Ceramic disc and mylar film capacitors are non-polarized.

Electrolytic capacitors are polarized.


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Just like resistors, capacitors have markings that need to be deciphered.

Ceramic disc capacitors have two to three digits printed upon them. The first two numbers describe the value of the capacitor and the third number (should it exist) is the number of zeros in the multiplier. When the first two numbers are multiplied against the multiplier, the resulting solution is the value of the capacitor in picofarads. If there is no multiplier, you just read the value of the first two numbers in picofarads.

For instance, if a capacitor says 10 upon it, it has a multiplier of 1 and is simply read as 10pF. On the other hand, if it followed by a 1, it gets multiplied by 10 to become 100pF. Each subsequent number shifts the multiplier over one decimal point. By the time you get to 104, 10 is being multiplied by 10,000.

The one tricky bit about capacitors is that they can be described in picofarads (pF), nanofarads (nF) and microfarads (uF). The measurement you use is determined by whatever makes the most sense to describe the value. You would not describe a 10pF capacitor as a 0.00001uF capacitor any more than you would describe a 0.1uF capacitor as a 100,000pF capacitor. As a general rule, any number that requires more than two zeros to express it is excessive.

Reading electrolytic capacitors is a bit easier. You just literally read them. They have their capacitance and voltage rating printed directly upon them. We have yet to touch upon voltage rating. Suffice it to say that the voltage rating is only important in that your supply voltage should never exceed it. This is unlikely for the type of electronics we are doing.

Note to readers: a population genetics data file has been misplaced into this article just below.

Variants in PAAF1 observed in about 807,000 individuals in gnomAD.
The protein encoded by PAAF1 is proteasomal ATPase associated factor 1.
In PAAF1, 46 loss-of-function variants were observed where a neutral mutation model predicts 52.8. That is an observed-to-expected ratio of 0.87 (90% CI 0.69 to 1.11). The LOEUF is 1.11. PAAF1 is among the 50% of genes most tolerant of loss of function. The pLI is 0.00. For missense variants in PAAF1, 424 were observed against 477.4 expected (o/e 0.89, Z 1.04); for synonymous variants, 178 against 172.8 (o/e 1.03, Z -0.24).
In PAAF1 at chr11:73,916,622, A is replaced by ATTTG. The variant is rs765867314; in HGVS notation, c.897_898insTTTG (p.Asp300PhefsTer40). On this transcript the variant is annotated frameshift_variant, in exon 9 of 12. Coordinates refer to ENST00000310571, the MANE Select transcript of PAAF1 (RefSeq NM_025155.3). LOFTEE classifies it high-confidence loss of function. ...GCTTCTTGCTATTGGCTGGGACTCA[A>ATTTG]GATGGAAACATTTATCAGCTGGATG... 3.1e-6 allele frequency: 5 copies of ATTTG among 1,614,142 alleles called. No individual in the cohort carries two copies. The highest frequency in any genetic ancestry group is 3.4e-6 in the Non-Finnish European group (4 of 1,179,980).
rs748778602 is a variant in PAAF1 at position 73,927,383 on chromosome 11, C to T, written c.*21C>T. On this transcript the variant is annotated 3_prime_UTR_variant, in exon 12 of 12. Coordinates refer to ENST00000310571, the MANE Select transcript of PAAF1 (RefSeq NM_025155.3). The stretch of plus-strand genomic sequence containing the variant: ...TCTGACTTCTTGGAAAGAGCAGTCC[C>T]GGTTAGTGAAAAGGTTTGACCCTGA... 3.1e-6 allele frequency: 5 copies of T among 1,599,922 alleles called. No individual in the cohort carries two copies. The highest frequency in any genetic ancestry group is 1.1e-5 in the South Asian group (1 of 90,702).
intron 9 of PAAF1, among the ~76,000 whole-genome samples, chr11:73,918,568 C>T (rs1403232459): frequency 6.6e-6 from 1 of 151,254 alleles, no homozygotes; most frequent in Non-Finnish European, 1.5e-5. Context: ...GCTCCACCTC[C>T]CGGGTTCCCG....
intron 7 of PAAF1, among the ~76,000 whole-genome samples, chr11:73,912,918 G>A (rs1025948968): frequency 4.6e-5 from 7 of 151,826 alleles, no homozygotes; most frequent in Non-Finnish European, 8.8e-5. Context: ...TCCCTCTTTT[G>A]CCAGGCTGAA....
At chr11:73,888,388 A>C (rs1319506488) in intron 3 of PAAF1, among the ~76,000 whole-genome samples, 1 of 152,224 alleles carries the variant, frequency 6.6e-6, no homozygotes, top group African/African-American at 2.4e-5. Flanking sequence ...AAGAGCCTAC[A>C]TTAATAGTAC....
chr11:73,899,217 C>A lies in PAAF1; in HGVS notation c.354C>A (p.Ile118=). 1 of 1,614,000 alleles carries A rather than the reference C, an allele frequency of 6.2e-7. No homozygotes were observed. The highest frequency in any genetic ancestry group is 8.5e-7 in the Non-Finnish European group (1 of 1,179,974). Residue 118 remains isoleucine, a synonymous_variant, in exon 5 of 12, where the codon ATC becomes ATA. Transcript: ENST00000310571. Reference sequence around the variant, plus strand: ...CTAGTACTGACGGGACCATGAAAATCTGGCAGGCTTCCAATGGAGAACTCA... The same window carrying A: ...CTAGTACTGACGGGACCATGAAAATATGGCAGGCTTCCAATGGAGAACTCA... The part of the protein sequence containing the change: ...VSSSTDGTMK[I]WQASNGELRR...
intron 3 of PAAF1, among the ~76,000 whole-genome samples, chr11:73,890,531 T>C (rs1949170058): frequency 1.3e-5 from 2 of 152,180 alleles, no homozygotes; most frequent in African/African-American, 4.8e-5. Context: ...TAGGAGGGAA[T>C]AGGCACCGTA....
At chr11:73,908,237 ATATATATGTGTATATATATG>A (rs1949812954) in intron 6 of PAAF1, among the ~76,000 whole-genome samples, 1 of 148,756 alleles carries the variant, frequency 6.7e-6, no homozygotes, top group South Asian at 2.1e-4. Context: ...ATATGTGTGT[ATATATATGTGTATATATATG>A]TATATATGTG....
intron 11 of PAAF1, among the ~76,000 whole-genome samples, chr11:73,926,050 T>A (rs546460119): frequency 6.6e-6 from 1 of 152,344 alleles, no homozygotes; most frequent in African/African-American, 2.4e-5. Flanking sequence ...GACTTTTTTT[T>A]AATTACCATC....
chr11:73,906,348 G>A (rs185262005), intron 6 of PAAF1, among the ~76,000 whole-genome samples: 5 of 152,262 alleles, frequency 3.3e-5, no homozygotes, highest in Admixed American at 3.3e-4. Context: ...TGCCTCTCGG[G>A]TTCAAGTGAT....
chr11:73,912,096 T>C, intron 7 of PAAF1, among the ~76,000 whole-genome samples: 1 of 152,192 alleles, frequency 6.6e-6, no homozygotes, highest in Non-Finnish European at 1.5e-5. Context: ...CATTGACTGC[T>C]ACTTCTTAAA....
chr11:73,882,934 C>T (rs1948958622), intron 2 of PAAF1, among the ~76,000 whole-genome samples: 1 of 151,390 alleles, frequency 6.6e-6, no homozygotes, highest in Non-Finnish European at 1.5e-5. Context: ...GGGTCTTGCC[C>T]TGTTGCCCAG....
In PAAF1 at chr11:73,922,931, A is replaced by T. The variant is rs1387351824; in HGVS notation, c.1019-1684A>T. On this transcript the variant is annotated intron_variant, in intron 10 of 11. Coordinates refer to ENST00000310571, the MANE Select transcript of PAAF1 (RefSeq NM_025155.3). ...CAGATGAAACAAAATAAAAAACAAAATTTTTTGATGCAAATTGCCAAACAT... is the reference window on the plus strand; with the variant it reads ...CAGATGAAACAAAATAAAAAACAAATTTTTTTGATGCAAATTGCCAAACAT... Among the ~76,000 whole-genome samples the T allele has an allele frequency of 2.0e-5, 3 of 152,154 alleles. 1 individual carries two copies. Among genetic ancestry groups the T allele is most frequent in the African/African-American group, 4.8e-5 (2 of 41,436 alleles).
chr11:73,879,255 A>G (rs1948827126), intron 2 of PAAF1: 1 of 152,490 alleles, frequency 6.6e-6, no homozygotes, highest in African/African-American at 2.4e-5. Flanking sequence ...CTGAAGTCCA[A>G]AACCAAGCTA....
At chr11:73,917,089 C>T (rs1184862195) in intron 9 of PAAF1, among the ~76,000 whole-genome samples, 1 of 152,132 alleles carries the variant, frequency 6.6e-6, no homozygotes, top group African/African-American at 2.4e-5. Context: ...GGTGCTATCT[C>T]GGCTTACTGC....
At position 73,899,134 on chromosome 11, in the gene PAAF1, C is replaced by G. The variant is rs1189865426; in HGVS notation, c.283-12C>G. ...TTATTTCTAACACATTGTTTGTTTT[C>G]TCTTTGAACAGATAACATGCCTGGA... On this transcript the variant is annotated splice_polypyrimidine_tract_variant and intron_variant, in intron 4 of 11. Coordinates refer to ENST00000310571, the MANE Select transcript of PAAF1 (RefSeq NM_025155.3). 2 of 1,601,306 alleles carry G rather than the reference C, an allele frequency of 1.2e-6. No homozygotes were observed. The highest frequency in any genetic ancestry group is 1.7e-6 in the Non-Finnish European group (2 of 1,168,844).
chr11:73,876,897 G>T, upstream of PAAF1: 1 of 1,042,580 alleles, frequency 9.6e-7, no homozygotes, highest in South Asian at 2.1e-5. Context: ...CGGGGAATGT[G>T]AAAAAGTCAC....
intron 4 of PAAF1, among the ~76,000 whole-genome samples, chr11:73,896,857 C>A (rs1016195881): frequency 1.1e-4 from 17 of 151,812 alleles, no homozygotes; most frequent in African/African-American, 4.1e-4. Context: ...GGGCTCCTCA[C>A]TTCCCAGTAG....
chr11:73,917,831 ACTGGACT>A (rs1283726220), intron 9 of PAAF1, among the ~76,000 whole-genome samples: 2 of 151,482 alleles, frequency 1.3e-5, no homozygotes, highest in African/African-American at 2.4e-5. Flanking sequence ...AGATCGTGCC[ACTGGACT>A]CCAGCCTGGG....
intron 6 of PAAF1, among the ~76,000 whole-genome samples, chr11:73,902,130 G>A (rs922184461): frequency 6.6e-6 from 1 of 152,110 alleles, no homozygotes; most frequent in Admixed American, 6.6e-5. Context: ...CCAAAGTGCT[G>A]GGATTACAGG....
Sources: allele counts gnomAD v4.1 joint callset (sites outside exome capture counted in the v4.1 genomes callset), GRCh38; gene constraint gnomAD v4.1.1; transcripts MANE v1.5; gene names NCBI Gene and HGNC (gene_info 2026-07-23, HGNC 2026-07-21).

On electrolytic capacitors, the most important thing to pay careful attention to is the stripe marked with a minus sign indicating the capacitor's negative lead.


High Voltage Vs. Supercapacitor

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Capacitors typically are rated for a small amount of charge and voltage. However, there are two special types of capacitors that buck this trend.

High voltage capacitors - as the name would imply - are capable of storing a large amount of voltage. These are often found in camera flashes and some electronic appliances that plug into the wall, such as old-fashioned tube televisions. You need to be careful when encountering these because they can maintain charge for quite some time after being charged and will shock the heck out of you if you touch the leads.

Supercapacitors on the other hand typically are very low voltage, but store a heckuva lot of charge. For instance, the smallest capacitor you might encounter in working with electronics is 1pF. If we were to convert this unit to Farads, it would be equivalent to 0.000000000001F. In short, a Farad is really - really - big. Thus, the 15F supercapacitor we are going to use in the vibrobot project stores a deceptively large amount of energy.

While you can touch the leads of a supercapacitor without worrying about electric shock, if you were to accidentally cross the leads of a supercapacitor with something conductive, it could rapidly release enough energy to melt metal. You may not get shocked, but if you are careless, you could get badly burned.

CLASS PROJECT